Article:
BRITISH COLUMBIA

B.C. Driving Laws Attacked As Drivers Left Stranded

08/19/2013 05:18 EDT | Updated 08/19/2013 05:19 EDT
AP
An 85 mph speed limit sign is placed on the 41-mile-long toll road in Austin, near the increasingly crowded Interstate between Austin and San Antonio, Texas on Thursday, Sept. 6, 2012. While some drivers will want to test their horsepower and radar detectors, others are asking if safety is taking a backseat to pure speed. (AP Photo/Statesman.com, Ricardo B. Brazziell) MAGS OUT; NO SALES; INTERNET AND TV MUST CREDIT PHOTOGRAPHER AND STATESMAN.COM

Just days after the B.C. Supreme Court ruled a government report on breathalyzers inadmissible, the province's strict driving laws were being attacked as heavy-handed and unfair by drivers left stranded on the roadside.

The Vancouver Sun reports that one in five drivers who challenged a roadside ban in the year since the toughened up drunk driving laws were introduced in 2010 had their judgment overturned. But it isn't just those accused of impaired driving who are complaining about the system.

Andrew Scott told The Province newspaper that his family, including two young children, were left without transportation in an area with no cellphone reception after he was ticketed for speeding on Highway 3 near Manning Park. The family was on vacation and had to wait two hours for a ride after their car was impounded for a week.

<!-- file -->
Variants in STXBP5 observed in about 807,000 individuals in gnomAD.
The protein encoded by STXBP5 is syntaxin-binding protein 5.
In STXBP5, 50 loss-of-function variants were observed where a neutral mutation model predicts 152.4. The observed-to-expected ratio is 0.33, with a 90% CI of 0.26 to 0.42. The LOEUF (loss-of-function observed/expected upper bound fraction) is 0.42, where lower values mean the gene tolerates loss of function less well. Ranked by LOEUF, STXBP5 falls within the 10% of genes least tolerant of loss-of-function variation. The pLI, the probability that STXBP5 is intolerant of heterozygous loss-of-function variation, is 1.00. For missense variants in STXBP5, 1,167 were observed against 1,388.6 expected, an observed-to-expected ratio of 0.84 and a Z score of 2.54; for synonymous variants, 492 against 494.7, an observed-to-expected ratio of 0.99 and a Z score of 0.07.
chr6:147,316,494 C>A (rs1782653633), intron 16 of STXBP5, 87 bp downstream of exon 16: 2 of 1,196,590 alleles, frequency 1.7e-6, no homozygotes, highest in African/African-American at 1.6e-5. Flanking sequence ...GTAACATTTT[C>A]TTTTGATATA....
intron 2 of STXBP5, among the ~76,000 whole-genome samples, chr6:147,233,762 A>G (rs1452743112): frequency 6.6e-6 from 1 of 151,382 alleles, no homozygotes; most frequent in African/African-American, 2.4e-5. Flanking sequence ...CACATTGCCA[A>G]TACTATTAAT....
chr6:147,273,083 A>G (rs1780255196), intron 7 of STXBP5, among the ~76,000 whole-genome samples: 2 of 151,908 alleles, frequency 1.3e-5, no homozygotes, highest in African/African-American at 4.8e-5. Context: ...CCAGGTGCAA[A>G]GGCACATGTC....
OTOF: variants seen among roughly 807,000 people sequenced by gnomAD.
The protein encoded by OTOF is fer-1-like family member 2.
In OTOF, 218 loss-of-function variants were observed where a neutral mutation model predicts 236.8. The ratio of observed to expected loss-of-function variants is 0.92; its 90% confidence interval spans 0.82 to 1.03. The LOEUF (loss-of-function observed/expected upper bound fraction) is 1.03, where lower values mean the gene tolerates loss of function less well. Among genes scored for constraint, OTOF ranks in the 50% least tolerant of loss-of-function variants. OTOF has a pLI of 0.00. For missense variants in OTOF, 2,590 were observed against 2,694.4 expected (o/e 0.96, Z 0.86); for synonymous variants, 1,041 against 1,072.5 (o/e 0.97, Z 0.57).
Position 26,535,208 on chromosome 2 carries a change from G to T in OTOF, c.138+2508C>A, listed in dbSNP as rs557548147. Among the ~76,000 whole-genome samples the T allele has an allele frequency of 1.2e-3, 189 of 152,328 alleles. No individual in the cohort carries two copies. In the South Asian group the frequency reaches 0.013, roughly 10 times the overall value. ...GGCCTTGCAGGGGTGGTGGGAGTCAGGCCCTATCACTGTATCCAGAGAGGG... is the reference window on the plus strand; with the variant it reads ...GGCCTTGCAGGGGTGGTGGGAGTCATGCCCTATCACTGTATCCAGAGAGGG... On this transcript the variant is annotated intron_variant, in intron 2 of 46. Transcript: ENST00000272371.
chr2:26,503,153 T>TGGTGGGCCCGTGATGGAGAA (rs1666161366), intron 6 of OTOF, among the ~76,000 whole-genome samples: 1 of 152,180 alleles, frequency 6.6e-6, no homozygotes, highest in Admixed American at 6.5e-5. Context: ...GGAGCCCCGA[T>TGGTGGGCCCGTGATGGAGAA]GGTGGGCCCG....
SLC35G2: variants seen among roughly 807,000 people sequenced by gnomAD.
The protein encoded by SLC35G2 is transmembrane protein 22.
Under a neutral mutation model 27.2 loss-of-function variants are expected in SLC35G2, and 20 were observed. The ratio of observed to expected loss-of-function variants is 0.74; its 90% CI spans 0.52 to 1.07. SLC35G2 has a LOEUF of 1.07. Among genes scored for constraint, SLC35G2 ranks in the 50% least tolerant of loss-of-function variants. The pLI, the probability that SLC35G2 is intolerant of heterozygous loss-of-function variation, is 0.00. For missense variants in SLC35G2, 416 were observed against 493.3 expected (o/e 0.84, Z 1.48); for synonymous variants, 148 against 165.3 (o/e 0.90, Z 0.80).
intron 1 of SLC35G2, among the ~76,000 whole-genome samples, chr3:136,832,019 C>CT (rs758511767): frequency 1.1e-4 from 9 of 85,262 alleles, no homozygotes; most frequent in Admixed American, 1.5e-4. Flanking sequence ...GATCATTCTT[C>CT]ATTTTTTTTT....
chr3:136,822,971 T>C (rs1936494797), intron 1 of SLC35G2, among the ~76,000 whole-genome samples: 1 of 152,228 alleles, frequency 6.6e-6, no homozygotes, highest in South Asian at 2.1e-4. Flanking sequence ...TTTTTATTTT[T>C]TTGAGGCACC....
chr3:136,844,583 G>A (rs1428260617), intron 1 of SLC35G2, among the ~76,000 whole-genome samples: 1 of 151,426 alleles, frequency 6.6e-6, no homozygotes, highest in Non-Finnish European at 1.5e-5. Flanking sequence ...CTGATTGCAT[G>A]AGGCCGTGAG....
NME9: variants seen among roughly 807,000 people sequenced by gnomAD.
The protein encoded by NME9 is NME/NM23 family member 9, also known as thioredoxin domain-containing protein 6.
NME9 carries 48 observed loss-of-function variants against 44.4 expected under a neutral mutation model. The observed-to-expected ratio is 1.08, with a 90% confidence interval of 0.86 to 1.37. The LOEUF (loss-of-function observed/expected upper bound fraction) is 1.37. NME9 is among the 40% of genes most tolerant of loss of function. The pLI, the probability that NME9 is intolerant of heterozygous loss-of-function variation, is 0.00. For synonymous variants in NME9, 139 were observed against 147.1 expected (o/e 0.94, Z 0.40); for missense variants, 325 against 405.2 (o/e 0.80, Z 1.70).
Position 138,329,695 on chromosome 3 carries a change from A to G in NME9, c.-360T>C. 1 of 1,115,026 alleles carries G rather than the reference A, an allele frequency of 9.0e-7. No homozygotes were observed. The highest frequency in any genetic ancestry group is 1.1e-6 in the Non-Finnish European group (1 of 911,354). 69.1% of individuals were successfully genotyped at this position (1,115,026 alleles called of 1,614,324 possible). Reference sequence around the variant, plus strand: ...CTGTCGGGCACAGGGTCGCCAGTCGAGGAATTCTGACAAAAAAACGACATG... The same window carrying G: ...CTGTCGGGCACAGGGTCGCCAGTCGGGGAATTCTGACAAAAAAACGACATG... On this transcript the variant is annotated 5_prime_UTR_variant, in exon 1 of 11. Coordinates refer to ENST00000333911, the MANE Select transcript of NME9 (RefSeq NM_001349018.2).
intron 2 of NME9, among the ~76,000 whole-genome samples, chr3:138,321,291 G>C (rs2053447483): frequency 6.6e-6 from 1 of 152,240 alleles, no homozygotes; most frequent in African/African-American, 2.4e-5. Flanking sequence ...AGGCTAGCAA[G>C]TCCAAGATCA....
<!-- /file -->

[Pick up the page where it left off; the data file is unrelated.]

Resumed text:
Scott says he had accelerated to pass another vehicle and was just about to pull back into the slower lane when he was stopped and fined $360 for doing 141 km/hr in and 80 km/hr zone. Another motorist told the paper that he, too, was fined and had his motorcycle impounded after speeding up to pass a camper van.

The law, which gives police power to impose on-the-spot fines and impound vehicles isn't just upsetting B.C. drivers. Tourists are finding themselves on the sharp end, too.

According to the Ottawa Sun, 503 Albertan drivers had their cars impounded in B.C. by the end of July compared to the 489 who had their cars taken away in the whole of 2012. The paper calls the seizure system "dubious" and charges that giving the police the power to impound vehicles on the spot, effectively puts those who "supposedly uphold the law in B.C. now above the law."

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